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RAIM Algorithms

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Title RAIM Algorithms
Edited by GMV
Level Basic
Year of Publication 2011
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Although conventional RAIM approaches highly improve the receiver’s capacity to detect large errors, their protection levels are not able to cover all user requirements. As an example, the civil aviation community imposes more stringent alert limits whereas Liability Critical Applications rather focus on higher availabilities. Dedicated RAIM algorithms need to be considered according to the application at hand.

RAIM Families

Two main families can be considered:

  • Measurement Rejection Approach (MRA)

MRA use Fault Detection and Exclusion (FDE) techniques to ensure that only valid measurements are used in the navigation solution and the respective protection levels computation. These techniques are suited for the civil aviation community but lead to very low solution availability in urban environments, since a large number of measurements is rejected - e.g. due to Non Line Of Sight (NLOS) multipath.

  • Error Characterization Approach (ECA)

It consists on computing protection levels based on the characterization of the measurement errors; these techniques do not necessarily require FDE techniques. This approach considers the errors in Non Line Of Sight (NLOS) measurements and therefore usually leads to higher protection levels, not fulfilling the stringent civil aviation requirements. Nevertheless, solution availability is considerably higher, making these approaches strong candidates for Liability Critical Applications (LCA) especially in urban environments.

Conventional RAIM

Key Features of traditional RAIM Algorithms:

  1. Basic hypothesis: only one satellite is “faulty”, probability of multiple satellite failures at the same time is considered negligible,
  2. Number of satellites in view determines the possibility of providing integrity,
  3. Protection levels size depend on satellite geometry (DOP),
  4. RAIM algorithms use code measurements ,
  5. Receivers implementing RAIM algorithms are used nowadays for aircraft Lateral Navigation (LNAV) en-route.

A few comments on the navigation integrity performance of typical RAIM algorithms:

  • Integrity Risk (IR): can be adjusted to the target application by configuration,
  • Protection Levels (PL): if the integrity risk is configured to 10-7 (e.g. for civil aviation), the values of Horizontal and Vertical PL - HPL and VPL respectively - are higher than the ones provided by a SBAS,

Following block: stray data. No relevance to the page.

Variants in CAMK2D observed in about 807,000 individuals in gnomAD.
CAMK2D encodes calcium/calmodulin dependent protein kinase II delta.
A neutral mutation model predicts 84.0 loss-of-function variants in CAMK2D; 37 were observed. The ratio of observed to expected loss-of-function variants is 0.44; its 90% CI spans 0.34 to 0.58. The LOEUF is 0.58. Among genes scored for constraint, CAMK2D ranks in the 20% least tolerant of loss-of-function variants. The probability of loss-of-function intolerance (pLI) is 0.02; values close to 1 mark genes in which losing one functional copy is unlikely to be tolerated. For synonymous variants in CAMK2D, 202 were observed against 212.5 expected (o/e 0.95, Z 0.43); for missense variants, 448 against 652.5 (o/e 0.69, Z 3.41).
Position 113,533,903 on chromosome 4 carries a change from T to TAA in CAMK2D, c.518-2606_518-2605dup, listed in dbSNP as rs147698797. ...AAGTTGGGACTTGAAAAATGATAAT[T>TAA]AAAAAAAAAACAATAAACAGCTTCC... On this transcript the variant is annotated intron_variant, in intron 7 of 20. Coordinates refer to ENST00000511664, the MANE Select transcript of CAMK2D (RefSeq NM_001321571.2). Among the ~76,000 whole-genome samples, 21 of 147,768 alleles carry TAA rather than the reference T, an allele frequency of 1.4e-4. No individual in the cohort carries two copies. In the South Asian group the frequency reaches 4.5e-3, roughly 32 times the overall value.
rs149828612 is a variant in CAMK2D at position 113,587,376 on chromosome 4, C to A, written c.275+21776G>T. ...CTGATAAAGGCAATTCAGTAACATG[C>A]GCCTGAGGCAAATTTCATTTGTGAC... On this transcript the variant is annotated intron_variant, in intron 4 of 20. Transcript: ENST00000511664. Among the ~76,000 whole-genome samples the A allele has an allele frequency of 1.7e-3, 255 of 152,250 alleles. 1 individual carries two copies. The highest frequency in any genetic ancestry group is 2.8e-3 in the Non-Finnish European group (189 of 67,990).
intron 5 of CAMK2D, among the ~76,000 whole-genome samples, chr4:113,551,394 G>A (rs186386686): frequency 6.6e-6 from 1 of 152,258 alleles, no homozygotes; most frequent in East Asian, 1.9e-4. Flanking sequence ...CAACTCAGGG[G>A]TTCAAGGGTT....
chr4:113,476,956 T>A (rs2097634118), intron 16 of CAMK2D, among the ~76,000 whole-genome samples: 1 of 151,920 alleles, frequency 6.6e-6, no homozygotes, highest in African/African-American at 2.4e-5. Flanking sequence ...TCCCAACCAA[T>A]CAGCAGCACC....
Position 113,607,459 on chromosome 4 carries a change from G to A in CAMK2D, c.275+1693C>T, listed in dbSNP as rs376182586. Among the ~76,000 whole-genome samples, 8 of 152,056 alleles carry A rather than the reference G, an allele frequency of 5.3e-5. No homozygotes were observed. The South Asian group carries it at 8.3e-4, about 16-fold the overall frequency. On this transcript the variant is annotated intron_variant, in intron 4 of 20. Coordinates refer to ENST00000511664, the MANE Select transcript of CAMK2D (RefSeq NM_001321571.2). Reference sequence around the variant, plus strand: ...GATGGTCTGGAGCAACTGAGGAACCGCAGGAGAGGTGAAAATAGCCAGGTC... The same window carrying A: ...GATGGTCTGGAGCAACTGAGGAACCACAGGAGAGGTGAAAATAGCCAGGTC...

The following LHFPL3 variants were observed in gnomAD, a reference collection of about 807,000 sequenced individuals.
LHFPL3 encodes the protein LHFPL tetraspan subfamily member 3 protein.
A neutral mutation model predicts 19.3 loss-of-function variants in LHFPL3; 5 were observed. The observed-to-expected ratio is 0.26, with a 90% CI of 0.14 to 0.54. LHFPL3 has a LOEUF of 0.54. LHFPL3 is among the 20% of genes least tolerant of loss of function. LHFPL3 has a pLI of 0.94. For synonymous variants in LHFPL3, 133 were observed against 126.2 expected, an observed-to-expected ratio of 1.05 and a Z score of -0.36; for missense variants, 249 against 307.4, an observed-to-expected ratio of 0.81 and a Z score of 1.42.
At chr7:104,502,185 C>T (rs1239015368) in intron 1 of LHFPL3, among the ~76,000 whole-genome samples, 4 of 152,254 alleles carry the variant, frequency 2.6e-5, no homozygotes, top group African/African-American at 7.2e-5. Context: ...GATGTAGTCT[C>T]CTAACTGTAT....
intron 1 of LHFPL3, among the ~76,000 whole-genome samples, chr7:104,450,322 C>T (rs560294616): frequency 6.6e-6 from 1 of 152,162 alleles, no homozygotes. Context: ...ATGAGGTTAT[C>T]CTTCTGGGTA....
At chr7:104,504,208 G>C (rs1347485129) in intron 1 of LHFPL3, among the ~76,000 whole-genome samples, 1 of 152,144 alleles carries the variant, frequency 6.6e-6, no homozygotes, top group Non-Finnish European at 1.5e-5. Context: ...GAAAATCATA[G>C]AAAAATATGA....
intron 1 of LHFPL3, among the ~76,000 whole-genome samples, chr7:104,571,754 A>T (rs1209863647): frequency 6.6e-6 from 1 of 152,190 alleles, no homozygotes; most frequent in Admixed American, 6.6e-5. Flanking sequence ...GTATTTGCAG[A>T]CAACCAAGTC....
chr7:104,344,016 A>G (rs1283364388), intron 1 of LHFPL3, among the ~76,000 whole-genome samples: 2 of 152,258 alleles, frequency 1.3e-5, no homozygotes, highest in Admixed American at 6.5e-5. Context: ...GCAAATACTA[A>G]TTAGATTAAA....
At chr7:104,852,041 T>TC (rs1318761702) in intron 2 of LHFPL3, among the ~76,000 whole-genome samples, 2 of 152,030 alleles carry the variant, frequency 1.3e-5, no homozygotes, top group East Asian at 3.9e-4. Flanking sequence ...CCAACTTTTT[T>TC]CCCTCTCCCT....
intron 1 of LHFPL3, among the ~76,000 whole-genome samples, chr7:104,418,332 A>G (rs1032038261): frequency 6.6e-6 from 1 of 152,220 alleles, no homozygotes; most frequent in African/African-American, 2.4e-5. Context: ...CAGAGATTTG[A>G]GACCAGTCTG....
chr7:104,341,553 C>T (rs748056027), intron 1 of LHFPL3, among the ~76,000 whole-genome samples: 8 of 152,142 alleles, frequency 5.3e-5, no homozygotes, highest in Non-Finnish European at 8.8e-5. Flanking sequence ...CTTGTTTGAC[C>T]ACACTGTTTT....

• Time To Alert (TTA): the concept of TTA is meaningless for RAIM algorithms. If the fault detection mechanism (step 1 mentioned above) detects any failure, that measurement is not considered in the solution computation, i.e. the TTA is null since the detection is immediate.

Relative RAIM (RRAIM)

RRAIM uses precise carrier phase measurements to propagate older pseudorange based position solutions forward in time. RAIM is performed on the carrier trajectory to ensure its integrity and then new protection levels are calculated based upon the original values and the accumulated uncertainty over time.

The accumulated uncertainty can be defined as the sum of three sources[1]:

  • the change of carrier phase receiver noise and multipath over the propagation time,
  • the change in tropospheric error over the time interval,
  • the satellite clock drift over the time interval.

Each source can be defined by a Gaussian distribution with a sigma characteristic value, which can be provided a-priori by the GNSS system. RRAIM concept shares the integrity burden between the aircraft, the GNSS constellation and the external monitors which provide the a-priori set of validated measurements. As defined in [1], RRAIM propagates both the position and the protection levels and it is based on ionosphere-free and carrier-smoothed pseudoranges.

Algorithms that use past measurements are also called “sequential algorithms” in the literature, as opposed to “snapshot algorithms” that use measurements from a single epoch.

Solution Separation RAIM

The maximum solution separation method [2] is based on the observed separation between the position estimate generated by a full-set filter (using all the satellite measurements) and that generated by each one of the subset filters (each using all but one of the satellite measurements).

These techniques can be further extended to include multiple hypotheses. Multiple Hypothesis Solution Separation (MHSS)[3] is a RAIM technique that comprises a protection level computation procedure that admits K simultaneous faulty measurements. MHSS may or may not be accompanied by a fault detection/exclusion (FDE) mechanism. If a FDE mechanism is present, it should be triggered right before the navigation solution and its associated MHSS protection level are computed, and the said computation should use only those measurements that have passed the FDE test successfully.